Meaning of Title - It's easy to see that "Dead Freight" probably relates to the death that took place post heist. But "freight" also means load or burden, so it's safe to say that the death of the child, is now a load and burden that all parties will have to bear, some more easily than others.

Acting - I've never seen Friday Night Lights so my mind wasn't shattered like the rest of you "Clear Eyes Full Hearts Go Watch The Wire" maniacs, but Jesse Plemons quick reaction in that final moment was chilling.

1. A boy in the desert riding his motorcycle aggressively. He hits the big jumps and then captures a dangerous spider and contains it. Twice in the opener did this young man escape death. This theme was everywhere in the episode. Lydia escapes execution by Hank making a phone call. The two railroad guys escape getting killed by Jesse's brilliance. Jesse narrowly avoids getting run over by a train. Yet, as the show tells us, for every careful move, you can't escape it. I'm not trying to get all Final Destination on you folks, but this was just very expertly designed episode leading to that final moment.

2. I'm at the point now where I trust everything that Heisenberg does and nothing that Walter White does. Every time Walt expresses some kind of kindness or emotion (buying Walter Jr. a car, playing with his kid, etc) I second guess it. No scene so far indicates just how extinct Walter is in the scope of Heisenberg then him crying to Hank and then promptly bugging his office. He may not be wearing the hat but Heisenberg has taken over.

3. The way the sky is shot in Breaking Bad makes me think it should get nominated for a best supporting actor Emmy. Nominations for Aaron Paul, Giancarlo Esposito, Dean Norris, and the sky.

4. Last week one of my readers called Mike..."Mike Da God" and I thought that title is fitting considering how much wisdom he drops. "There are two kinds of heists....." Yeah brah, he's like the criminal Obi Wan Kenobi. Old, white dude with grey hair who instructs padawans in the way of the force/crime/murder.

5. Everybody wants it to happen, can Skylar please just die already. They've been building to it forever, making us hate her more and more. That "I'm your hostage" line tonight, please, Heisenberg is gonna do you real quick and then go buy a new car for Walter Jr.

6. What you talking about TPG? #5? You kidding, have you become TPG Heisenberg? It's fascinating that in the scope of the whole show so far, we're still rooting for Walt/Jesse and want to see Skylar go. She's not innocent, but by no means is she deserving to be killed. Yet, the show is so brilliant at making us sympathize with the criminals, it's almost impossible to root for her.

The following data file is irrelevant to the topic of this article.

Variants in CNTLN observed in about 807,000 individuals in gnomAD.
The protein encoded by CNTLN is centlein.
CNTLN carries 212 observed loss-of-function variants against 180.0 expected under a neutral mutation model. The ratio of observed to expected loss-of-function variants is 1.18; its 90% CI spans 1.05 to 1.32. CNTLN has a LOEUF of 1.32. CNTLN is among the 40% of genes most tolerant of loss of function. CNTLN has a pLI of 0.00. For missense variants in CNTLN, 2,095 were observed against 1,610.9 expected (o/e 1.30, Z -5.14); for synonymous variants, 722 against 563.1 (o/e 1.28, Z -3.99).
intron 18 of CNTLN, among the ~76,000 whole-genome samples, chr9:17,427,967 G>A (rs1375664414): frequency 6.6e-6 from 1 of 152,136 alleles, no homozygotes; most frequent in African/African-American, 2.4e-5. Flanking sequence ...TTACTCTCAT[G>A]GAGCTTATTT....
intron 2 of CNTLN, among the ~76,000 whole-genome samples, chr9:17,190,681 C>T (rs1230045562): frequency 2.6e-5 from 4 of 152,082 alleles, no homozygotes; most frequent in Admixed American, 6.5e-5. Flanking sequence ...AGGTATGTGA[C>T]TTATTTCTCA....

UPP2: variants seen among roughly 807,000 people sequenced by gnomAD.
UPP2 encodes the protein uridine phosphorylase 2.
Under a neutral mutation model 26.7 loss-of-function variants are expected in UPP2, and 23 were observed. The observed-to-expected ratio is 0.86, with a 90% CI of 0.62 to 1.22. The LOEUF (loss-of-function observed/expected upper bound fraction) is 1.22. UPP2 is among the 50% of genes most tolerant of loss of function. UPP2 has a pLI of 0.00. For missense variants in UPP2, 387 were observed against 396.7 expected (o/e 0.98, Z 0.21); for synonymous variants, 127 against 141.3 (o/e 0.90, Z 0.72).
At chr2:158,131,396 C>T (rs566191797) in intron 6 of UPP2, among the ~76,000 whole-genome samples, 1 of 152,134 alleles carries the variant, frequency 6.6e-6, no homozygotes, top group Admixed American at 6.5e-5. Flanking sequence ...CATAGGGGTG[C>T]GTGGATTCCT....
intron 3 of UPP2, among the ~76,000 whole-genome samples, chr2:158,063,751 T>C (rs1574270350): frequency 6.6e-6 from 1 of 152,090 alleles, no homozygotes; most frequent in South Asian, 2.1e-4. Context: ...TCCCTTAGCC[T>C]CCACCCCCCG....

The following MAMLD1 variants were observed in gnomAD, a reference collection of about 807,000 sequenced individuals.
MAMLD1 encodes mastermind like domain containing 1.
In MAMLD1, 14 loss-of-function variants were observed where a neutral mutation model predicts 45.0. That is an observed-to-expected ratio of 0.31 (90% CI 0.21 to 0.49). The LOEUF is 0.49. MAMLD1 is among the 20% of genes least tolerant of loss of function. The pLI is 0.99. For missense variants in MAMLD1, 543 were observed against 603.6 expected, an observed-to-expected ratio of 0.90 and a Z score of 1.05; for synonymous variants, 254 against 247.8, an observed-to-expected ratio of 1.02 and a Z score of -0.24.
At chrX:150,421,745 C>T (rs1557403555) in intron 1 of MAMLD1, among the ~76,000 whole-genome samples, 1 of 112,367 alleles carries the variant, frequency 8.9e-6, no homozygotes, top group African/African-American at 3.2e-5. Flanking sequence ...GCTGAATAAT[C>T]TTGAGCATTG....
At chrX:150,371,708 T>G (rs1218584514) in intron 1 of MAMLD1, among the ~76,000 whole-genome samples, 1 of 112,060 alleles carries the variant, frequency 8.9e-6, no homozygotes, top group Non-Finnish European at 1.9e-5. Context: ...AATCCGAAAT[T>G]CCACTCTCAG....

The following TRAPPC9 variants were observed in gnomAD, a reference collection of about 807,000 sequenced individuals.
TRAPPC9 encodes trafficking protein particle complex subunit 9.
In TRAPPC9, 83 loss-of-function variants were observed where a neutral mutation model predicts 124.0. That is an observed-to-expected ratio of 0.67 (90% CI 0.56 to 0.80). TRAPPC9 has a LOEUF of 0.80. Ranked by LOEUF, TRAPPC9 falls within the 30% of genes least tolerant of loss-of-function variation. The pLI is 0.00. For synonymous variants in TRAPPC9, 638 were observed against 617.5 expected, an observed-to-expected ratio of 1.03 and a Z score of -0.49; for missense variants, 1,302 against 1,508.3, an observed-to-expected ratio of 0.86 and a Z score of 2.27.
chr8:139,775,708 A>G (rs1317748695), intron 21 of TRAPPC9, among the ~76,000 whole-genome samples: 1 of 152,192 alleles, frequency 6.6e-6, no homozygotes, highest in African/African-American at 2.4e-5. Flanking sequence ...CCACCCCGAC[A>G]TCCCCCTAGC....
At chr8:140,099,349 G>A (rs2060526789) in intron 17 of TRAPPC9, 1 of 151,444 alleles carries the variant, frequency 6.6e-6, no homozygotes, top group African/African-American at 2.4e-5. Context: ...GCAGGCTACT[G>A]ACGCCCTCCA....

7. Dave Porter is the composer of the bulk of the music on the show and I think his music during the heist is the finest work he's done so far. Building off the rhythm and sound of the train plowing down the track, the score evolved into an extremely tense pounding theme and then reverted back to silence for the final disturbing coda.

8. We have 3 episodes left and we haven't had the big epic earth shattering reveals that fans have been waiting for, but we're getting closer. Here's what everyone is fiending for:
  • Hank learning who Heisenberg really is - Walt's getting sloppy, it has to be coming. Skylar looks to be a breaking point as well
  • Jesse Learning Who Poisoned Brock - This potentially could disappear like Walter killing Jane, but I think it will be addressed by the end of the season.
  • Walt Killing Mike - This is def coming, but how is he gonna do it.
9. There is a new trend of demanded realism for highly acclaimed pieces of entertainment/art, it was everywhere when "The Dark Knight Rises" came out and now it's reared it's head again with this episode. Sure we want our stories to be consistent in their realism, but we have to allow them room to tell the story. Once we start questioning every decision in recaps and forums, then we lose our ability to enjoy the story. Tonight, sure, the setup involved a lot of coincidences (bridge position, truck dude being there, etc) but ultimately it was incredible television, so who cares. These realism fanatics would probably scorn Melville for having the whale be white (what are the chances there would be that whale did it get there...Ahab is so not convincing...)

10. Show is so dynamite man, I love it!

August 1, 2012

TPG's Chemistry Class: Episode 5003 Hazard Pay